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New Worlds: Did Neanderthals talk? Bone found in Zichron Ya’acov provides new answers
By JUDY SIEGEL-ITZKOVICH
16/03/2014
60,000-year-old horseshoe-shaped bone of a Neanderthal man found in Israel in 1989 is changing views about the speech abilities of extinct human species.
 
A 60,000-year-old horseshoe-shaped bone of a Neanderthal man that was found in Israel in 1989 is changing views about the speech abilities of this extinct human species closely related to modern humans.

The hyoid (lingual) bone located between the chin and the neck aids in tongue movement and swallowing.

“We humans like to think of ourselves as unique for many reasons, not least of which being our ability to communicate with words,” said Prof. Stephen Wroe, a zoologist and paleontologist at the University of New England in Australia.

“However, this bone shows that our ‘misunderstood cousins,’ the Neanderthals, may well have spoken in languages not dissimilar to the ones we use today.”

The team used 3D x-ray imaging technology to make a revolutionary discovery challenging this notion that other beings, including the Neanderthals with whom our ancestors shared the Earth for thousands of years, simply lacked the necessary cognitive capacity and vocal hardware for speech.

The bone was found at the Kebara Cave on a steep slope west of the Carmel Range in the Ramat Hanadiv preserve at Zichron Ya’acov. It was originally excavated under the direction of Prof. Ofer Bar-Yosef. Dorothy Garrod and Francis Turville-Petre in the early 1930s. However, the well-preserved Neanderthal skeleton nicknamed “Moshe” was found more than 50 years later – with a large part of its vertebral column, ribs, pelvis and hyoid intact. The cranium and most of the lower limbs were missing. It was the first Neanderthal hyoid bone ever found.

“To many, the Neanderthal hyoid discovered was surprising because its shape was very different to that of our closest living relatives, the chimpanzee and the bonobo. However, it was virtually indistinguishable from that of our own species. This led to some people arguing that this Neanderthal could speak,” Wroe said.

“The obvious counterargument to this assertion was that the fact that hyoids of Neanderthals were the same shape as modern humans doesn’t necessarily mean that they were used in the same way. With the technology of the time, it was hard to verify the argument one way or the other, but advances in 3D imaging and computer modelling allowed the team to revisit the question.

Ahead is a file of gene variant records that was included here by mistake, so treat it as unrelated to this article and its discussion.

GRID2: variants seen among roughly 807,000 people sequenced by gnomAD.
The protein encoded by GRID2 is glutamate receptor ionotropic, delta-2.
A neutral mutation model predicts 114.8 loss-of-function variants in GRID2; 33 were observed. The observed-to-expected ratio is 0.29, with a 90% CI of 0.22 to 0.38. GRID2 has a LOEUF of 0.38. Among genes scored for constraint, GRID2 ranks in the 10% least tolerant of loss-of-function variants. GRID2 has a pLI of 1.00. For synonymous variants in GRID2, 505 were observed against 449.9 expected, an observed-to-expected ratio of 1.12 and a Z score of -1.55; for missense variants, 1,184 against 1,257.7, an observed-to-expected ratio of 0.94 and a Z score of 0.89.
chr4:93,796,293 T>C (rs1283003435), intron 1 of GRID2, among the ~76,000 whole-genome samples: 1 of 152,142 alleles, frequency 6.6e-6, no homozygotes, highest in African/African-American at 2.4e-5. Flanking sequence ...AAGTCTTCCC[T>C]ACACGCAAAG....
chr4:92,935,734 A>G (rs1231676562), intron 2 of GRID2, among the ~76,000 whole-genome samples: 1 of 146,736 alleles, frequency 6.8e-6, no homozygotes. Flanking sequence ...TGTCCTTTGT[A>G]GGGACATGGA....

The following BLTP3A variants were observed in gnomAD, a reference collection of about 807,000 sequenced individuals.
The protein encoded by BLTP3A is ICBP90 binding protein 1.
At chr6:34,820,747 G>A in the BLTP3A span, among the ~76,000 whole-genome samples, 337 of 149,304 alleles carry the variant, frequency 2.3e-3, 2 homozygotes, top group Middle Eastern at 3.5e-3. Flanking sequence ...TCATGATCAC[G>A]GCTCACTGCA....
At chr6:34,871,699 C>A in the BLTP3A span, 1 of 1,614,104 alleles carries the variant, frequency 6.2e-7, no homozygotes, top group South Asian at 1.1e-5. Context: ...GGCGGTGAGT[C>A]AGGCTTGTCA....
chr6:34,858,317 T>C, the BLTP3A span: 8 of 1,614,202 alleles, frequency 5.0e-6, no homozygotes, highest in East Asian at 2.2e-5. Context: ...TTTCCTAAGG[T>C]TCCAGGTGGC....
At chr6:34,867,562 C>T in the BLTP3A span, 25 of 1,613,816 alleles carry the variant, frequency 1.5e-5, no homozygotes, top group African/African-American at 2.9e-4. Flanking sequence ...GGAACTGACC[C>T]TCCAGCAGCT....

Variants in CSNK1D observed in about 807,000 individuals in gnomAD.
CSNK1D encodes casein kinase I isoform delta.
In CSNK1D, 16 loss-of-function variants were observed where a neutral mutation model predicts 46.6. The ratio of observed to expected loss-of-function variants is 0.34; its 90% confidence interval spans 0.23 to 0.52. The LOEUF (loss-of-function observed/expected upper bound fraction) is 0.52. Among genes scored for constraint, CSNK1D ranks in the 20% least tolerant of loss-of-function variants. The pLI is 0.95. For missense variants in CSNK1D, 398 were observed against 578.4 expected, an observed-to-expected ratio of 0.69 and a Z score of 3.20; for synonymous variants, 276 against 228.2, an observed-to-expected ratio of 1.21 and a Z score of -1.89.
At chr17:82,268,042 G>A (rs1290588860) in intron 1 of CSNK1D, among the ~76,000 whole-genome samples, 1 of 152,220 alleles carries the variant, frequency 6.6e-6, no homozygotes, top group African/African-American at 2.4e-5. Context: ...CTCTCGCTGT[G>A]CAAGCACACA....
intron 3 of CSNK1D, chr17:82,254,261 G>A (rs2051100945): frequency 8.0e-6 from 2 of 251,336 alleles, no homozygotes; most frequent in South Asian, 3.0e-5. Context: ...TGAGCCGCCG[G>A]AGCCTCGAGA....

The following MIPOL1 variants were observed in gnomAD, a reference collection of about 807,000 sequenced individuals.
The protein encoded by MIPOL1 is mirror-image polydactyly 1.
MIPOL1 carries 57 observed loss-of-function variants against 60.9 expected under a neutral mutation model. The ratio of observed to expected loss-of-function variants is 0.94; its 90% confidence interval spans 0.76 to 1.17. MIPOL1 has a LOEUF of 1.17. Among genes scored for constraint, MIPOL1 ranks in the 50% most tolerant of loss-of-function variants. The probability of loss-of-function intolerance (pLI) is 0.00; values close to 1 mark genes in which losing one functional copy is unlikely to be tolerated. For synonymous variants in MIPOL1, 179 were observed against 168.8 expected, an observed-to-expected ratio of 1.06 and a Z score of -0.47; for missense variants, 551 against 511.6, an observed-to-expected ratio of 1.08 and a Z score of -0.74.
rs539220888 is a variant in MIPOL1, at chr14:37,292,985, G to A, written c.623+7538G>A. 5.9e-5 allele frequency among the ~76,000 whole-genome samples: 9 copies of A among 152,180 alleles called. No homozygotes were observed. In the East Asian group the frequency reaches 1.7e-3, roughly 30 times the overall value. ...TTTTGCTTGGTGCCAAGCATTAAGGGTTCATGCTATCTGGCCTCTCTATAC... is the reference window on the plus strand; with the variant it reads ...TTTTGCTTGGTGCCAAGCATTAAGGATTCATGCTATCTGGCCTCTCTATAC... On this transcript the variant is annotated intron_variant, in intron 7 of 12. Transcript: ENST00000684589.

“By analyzing the mechanical behavior of the fossilized bone with micro x-ray imaging, we were able to build models of the hyoid that included the intricate internal structure of the bone. We then compared them to models of modern humans. Our comparisons showed that in terms of mechanical behavior, the Neanderthal hyoid was basically indistinguishable from our own, strongly suggesting that this key part of the vocal tract was used in the same way. “From this research, we can conclude that it’s likely that the origins of speech and language are far, far older than once thought,” he concluded.

WAKE UP WITH BLUE LIGHT If you’re tired and suffer from the lack of alertness during the day, you may need to be exposed to blue light.

Researchers from Brigham and Women’s Hospital in Boston have found that exposure to short wavelength – or blue light – during the day directly and immediately improves alertness and performance. Publishing their findings in a recent issue of the journal Sleep, the team noted that their previous research found that blue light is able to improve alertness during the night. “But our new data demonstrates that these effects also extend to daytime light exposure,” said Dr. Shadab Rahman, a sleep medicine researcher. “These findings demonstrate that prolonged blue light exposure during the day has an alerting effect.”

To determine which wavelengths of light were most effective in warding off fatigue, the Boston researchers teamed with neurology Prof. George Brainard at Thomas Jefferson University, who developed the specialized light equipment used in the study. Researchers compared the effects of blue light with exposure to an equal amount of green light on alertness and performance in 16 study participants for six-and-a-half hours within 24 hours. Participants then rated how sleepy they felt, had their reaction times measured and wore electrodes to assess changes in brain activity patterns during the light exposure.

The researchers found that participants exposed to blue light consistently rated themselves as less sleepy, had quicker reaction times and fewer lapses of attention during the performance tests compared to those who were exposed to green light. They also showed changes in brain activity patterns that indicated a more alert state.

“These results contribute to our understanding of how light impacts the brain and open up a new range of possibilities for using light to improve human alertness, productivity and safety,” explained Dr. Steven Lockley, the senior investigator. “While helping to improve alertness in night workers has obvious safety benefits, day shift workers may also benefit from better quality lighting that would not only help them see better but also make them more alert.”

Researchers note that the next big challenge is to figure out how to deliver better lighting. While natural light is ideal, many people do not have access to daylight in their schools, homes or work places. The development of new, more controllable lighting technologies may help enable researchers to develop “smart” lighting systems to maximize the beneficial effects of light for human health, productivity and safety.
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